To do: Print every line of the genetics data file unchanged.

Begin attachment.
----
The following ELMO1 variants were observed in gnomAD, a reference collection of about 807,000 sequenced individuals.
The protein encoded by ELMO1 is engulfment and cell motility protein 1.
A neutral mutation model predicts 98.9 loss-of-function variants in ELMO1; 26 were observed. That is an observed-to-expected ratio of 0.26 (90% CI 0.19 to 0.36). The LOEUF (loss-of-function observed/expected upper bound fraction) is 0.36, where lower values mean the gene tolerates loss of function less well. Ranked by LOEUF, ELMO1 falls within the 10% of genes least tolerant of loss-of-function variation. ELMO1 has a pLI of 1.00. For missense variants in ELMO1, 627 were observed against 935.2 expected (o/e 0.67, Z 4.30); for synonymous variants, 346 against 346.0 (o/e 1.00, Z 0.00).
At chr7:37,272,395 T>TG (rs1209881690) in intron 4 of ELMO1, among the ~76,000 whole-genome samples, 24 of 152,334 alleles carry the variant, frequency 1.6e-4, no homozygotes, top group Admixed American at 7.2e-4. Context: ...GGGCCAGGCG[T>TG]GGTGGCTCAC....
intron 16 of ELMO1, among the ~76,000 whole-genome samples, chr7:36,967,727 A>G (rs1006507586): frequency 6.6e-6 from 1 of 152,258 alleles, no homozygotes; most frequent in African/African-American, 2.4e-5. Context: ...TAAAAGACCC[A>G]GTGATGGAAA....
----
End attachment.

The following ELMO1 variants were observed in gnomAD, a reference collection of about 807,000 sequenced individuals.
The protein encoded by ELMO1 is engulfment and cell motility protein 1.
A neutral mutation model predicts 98.9 loss-of-function variants in ELMO1; 26 were observed. That is an observed-to-expected ratio of 0.26 (90% CI 0.19 to 0.36). The LOEUF (loss-of-function observed/expected upper bound fraction) is 0.36, where lower values mean the gene tolerates loss of function less well. Ranked by LOEUF, ELMO1 falls within the 10% of genes least tolerant of loss-of-function variation. ELMO1 has a pLI of 1.00. For missense variants in ELMO1, 627 were observed against 935.2 expected (o/e 0.67, Z 4.30); for synonymous variants, 346 against 346.0 (o/e 1.00, Z 0.00).
At chr7:37,272,395 T>TG (rs1209881690) in intron 4 of ELMO1, among the ~76,000 whole-genome samples, 24 of 152,334 alleles carry the variant, frequency 1.6e-4, no homozygotes, top group Admixed American at 7.2e-4. Context: ...GGGCCAGGCG[T>TG]GGTGGCTCAC....
intron 16 of ELMO1, among the ~76,000 whole-genome samples, chr7:36,967,727 A>G (rs1006507586): frequency 6.6e-6 from 1 of 152,258 alleles, no homozygotes; most frequent in African/African-American, 2.4e-5. Context: ...TAAAAGACCC[A>G]GTGATGGAAA....